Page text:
Tag Archives: Acts of the Apostles

23 May: Pentecost

Homily by Fr Stefan Acatrinei

I posted this homily in the dark days of January; it was a relief to read of a great gathering of the faithful when that had been impossible for almost a year. Whatever restrictions we are under when Pentecost day comes, enjoy reading Stefan’s homily! Will

Dear brothers and sisters,

We celebrate today the feast of Pentecost which is also the birthday of our mother, the Church. Mothers enjoy giving gifts than rather just receiving them. Actually, the only gift which they really enjoy, according to my own experience (and I guess this is universally valid), is the presence of their children. So, here we are: to please Her with our presence and let Her make us happy with Her teaching.

I don’t know how you find today’s readings, but the atmosphere described by the Acts of the Apostles (2: 1–11) is very familiar to me. This familiarity is not due to the fact that I’ve studied the New Testament, nor it is because I know Jerusalem, for I’ve never been there, but simply because I’m living in Canterbury. The author of the reading says that there were “devout Jews from every nation under heaven”, and he mentions 16 different nationalities. To be honest, I don’t think that we have in Canterbury people from “every nation under the earth”, but I’m quite sure that we have representatives from more than 16 countries. Right now in our chapel, I know people from at least 11 different nationalities; and then if we take into account those who will attend the next Mass, this total number of people is increased. This parallel makes me see a certain similarity between what was going on in Jerusalem, nearly 2000 years ago, and what is happening here right now in our own city, but, of course, that’s not the point. So, we should explore a little more.

By the way, why were those people in Jerusalem? The author tries to give us a clue, by telling us they were “devout Jews”, but he refuses to give an exhaustive answer to our question. Anyway, being told that they were devout, it is not difficult to presume that some were there to fulfil a religious obligation, because Pentecost was the second of the three great Jewish Feasts; others were there to celebrate the completion of the harvest and to thank God for it, or just to pray, to ask for help from God; some, perhaps, were there for business reasons or out of curiosity, or ambition. Anyway, whatever their motives might have been, one thing is certain: they all were driven by the powerful, though invisible, engine which can generate both positive and rewarding feelings, or negative and unsatisfactory feelings, named by us as “desire”. Saint Paul though, in today’s second reading, says that every person can be led either by a spirit of slavery or by the Spirit of God (Romans 8: 8–17). This is wonderful.  It means that everybody is free to follow one of two guides.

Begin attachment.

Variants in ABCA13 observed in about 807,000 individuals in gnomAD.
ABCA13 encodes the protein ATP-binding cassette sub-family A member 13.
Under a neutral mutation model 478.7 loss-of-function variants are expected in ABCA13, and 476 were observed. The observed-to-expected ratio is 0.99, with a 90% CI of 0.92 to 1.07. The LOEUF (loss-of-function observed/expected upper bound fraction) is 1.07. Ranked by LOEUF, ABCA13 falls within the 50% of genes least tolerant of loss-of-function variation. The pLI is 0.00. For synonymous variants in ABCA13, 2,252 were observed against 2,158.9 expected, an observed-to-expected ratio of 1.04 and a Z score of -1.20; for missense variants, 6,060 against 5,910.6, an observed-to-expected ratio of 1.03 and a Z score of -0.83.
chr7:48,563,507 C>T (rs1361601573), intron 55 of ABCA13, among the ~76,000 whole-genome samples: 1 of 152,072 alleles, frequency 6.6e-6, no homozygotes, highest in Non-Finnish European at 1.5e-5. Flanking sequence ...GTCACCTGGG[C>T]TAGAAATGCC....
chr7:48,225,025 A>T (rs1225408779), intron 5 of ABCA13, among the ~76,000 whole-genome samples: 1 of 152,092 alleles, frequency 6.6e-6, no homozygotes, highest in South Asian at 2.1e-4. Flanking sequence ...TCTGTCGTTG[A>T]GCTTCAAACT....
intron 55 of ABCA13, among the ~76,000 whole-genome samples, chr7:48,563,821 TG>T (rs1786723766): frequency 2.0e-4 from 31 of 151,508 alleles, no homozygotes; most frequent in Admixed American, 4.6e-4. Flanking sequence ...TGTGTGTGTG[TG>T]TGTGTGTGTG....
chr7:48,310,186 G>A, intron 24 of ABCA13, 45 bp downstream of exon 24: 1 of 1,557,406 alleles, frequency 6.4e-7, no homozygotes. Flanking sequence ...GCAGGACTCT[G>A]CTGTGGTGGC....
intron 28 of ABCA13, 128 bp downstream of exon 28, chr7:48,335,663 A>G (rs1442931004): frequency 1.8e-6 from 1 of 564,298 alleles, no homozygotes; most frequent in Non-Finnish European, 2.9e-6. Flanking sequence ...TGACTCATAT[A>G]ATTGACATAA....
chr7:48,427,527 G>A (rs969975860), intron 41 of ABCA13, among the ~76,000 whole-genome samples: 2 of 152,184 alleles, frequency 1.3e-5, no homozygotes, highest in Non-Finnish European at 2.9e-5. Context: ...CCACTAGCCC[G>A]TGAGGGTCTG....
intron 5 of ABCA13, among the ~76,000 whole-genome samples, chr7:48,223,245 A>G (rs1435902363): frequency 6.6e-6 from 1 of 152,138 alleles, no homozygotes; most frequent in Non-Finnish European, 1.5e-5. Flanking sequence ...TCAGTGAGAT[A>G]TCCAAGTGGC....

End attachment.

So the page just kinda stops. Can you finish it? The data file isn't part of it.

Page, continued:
A good example would be to look at our seraphic Father, St. Francis. We know that his life was abundantly animated by this energy, which we call desire. Since childhood he sought to develop the desire for human glory, which was seen by him as the only way to happiness. His ambition and the economic possibilities he received from his father nourished his humanity and directed him towards that end, but instead of finding happiness, he experienced a terrible disappointment, which led him to rethink. Once he identified and experienced the right desire, which led him to taste real happiness, he never ceased to recommend it to his friars; he writes: “that above all, they should wish to have the Spirit of the Lord working within them” (Later Rule X, 8)

You may ask, what does all of this have to do with us today?  We are baptized and confirmed and have the Holy Spirit of God dwelling within us. We are totally immersed in the life giving Spirit of the Resurrected Jesus.  What does this entail?  St. Paul gives us a comprehensive explanation.  In his first letter to the Corinthians, he speaks about the variety of the gifts of the Holy Spirit. In chapter twelve, he says that the Holy Spirit gives us wisdom, understanding, counsel, fortitude, knowledge, piety, fear of the Lord.  Indeed that makes us powerful people. However St Paul also insists that all these gifts are for the benefit of helping others, for building the community of the church.

I hope that you don’t mind if I refer to St. Francis of Assisi again. We all know that he was asked by Christ to rebuild His church, a mission which he, actually, carried out by making use of the gifts of the Holy Spirit. Towards the end of his life, he wanted to share the secret of his success with the generations which would follow him, so he wrote it down in his Testament: “no one showed me what I should do, but the Most High Himself revealed to me that I should live according to the form of the Holy Gospel” (Testament 14).

Dear brothers and sisters, I guess, we all know what it means to be faced with a challenging situation, I mean to have to make important decisions for our own life or for the lives of our beloved ones. Where do we look for advice? Saint Francis, wanting to help the beginner on their spiritual journey, used to say: “If they ask advice, the ministers may refer them to some God-fearing brothers” (Later Rule II, 8). Counsel and fear of the Lord are gifts of the Holy Spirit and Jesus gave us this guarantee concerning these gifts: “The Advocate, the Holy Spirit whom the Father will send in my name, will teach you everything” (John 2:26).

Now, unlike the devout Jews from Jerusalem, we have not been gathered here by any strange sounds of wind blowing, but I strongly believe that we have been driven here by the same Spirit. We are in this chapel not just to fulfil a religious obligation, but out of love for Him, the third person of the Blessed Trinity, Who is eager to make a new dwelling within us.

Fr. Stefan Acatrinei OFM

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Filed under corona virus, Daily Reflections, Pentecost, Spring